Egypt, Ethiopia, and Sudan have failed to agree on a new negotiating approach to resolve their years-long dispute over the controversial Grand Ethiopian Renaissance Dam (GERD) that Ethiopia is building on the Blue Nile.
The Sudanese Ministry of Irrigation stated that the last round of negotiations failed to make any tangible progress regarding the role that experts could play in the negotiations methodology, path, and timetable.
Sudanese Minister of Irrigation Yasser Abbas said that Sudan was still adhering to the negotiation process under the auspices of the African Union (AU), but with a new methodology to reach a satisfactory agreement for all parties on filling and operating the GERD.
Sudan fears it could endanger the safety of its own dams especially that Roseires Dam is 15 kilometers from the Renaissance Dam.
The ministry said Sudan maintained its position on refusing to return to negotiations according to the previous methodology, which did not make any progress.
It will try to convince the parties to give experts attending the talks a bigger and more effective role. While Ethiopia approved this suggestion, Egypt turned it down.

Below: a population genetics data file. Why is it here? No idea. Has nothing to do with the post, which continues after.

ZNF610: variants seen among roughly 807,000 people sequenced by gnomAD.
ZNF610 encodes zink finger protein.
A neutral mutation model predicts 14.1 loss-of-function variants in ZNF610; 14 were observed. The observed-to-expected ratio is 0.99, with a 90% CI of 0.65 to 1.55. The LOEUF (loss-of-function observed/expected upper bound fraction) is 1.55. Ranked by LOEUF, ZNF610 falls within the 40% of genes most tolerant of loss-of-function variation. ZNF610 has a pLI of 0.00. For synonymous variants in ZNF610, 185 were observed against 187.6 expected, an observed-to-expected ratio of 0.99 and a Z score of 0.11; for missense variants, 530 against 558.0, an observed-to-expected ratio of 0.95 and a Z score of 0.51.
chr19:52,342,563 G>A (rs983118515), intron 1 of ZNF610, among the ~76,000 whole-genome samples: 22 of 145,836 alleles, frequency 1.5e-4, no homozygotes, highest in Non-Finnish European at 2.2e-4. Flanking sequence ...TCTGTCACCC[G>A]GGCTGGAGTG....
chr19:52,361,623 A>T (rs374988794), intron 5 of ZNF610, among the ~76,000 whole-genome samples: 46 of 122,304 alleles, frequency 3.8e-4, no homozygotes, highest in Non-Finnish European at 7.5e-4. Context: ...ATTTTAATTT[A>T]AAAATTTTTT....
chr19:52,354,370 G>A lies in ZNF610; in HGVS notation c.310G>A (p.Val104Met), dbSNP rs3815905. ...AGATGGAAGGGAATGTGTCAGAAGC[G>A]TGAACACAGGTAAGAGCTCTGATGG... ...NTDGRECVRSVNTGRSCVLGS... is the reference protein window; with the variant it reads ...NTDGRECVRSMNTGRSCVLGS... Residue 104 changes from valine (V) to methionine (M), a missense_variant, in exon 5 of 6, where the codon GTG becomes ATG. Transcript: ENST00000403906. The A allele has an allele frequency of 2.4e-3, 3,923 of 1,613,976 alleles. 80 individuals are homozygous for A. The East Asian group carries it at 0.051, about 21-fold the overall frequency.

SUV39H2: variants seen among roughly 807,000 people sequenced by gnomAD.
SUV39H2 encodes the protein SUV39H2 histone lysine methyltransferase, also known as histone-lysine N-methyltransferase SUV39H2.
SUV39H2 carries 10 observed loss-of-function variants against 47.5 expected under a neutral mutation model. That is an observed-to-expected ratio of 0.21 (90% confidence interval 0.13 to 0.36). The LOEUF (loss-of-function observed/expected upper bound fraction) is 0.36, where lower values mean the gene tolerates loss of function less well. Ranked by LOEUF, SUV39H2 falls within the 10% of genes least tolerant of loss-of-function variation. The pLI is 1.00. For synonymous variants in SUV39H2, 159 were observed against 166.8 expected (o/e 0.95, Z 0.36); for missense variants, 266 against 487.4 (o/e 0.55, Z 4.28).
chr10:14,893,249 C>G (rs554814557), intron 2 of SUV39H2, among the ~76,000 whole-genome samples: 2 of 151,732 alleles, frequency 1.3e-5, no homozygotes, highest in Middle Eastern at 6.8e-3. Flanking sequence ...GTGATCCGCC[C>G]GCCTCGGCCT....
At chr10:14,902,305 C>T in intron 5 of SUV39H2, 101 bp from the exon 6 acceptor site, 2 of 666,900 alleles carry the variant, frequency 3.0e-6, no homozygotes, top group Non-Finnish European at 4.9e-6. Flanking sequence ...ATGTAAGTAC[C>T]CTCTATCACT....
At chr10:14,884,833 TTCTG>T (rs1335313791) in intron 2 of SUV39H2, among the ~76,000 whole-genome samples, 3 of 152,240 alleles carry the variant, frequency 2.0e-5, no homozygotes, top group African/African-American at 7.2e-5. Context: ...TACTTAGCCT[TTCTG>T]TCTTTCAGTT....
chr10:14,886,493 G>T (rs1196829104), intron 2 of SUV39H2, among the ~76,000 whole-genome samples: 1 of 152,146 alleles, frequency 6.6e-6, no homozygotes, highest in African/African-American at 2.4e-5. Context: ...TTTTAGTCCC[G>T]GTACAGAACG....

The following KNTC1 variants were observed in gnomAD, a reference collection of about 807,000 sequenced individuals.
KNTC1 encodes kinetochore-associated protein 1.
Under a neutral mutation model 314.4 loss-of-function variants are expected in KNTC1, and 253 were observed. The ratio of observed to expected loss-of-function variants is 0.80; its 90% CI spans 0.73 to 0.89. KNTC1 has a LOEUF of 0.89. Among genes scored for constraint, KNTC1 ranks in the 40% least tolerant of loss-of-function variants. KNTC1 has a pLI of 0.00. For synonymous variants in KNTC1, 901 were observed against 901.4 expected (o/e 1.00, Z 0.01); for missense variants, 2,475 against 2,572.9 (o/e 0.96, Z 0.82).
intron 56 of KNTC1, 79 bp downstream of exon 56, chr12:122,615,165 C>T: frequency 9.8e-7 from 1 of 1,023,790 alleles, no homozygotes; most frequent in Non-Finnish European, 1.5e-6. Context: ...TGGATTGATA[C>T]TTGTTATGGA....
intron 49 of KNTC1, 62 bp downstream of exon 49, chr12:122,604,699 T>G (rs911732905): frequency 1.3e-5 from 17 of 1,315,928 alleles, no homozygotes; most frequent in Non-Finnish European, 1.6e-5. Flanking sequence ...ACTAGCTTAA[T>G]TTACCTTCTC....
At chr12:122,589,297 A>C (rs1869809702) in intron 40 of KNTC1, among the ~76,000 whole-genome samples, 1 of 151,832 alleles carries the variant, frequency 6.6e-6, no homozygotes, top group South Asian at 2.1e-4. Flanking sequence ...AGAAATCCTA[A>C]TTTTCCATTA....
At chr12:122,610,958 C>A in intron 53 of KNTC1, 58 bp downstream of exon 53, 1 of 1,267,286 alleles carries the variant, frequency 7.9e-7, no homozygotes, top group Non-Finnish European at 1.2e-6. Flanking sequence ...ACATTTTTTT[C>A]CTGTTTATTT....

Foreign and irrigation ministers of the three nations met last week and delegated experts from their countries to discuss and agree on an approach that would make the talks more fruitful. Talks were also attended by observers from the AU, the European Union, and the US.
Egypt and Sudan have repeatedly stressed the significance of reaching a binding agreement concerning the rules of filling and operating the dam.
Ethiopia began building the dam in 2011. Authorities started filling the reservoir of the GERD on July 21. However, the completion of the first filling phase prior to reaching an agreement with Egypt and Sudan irked both countries.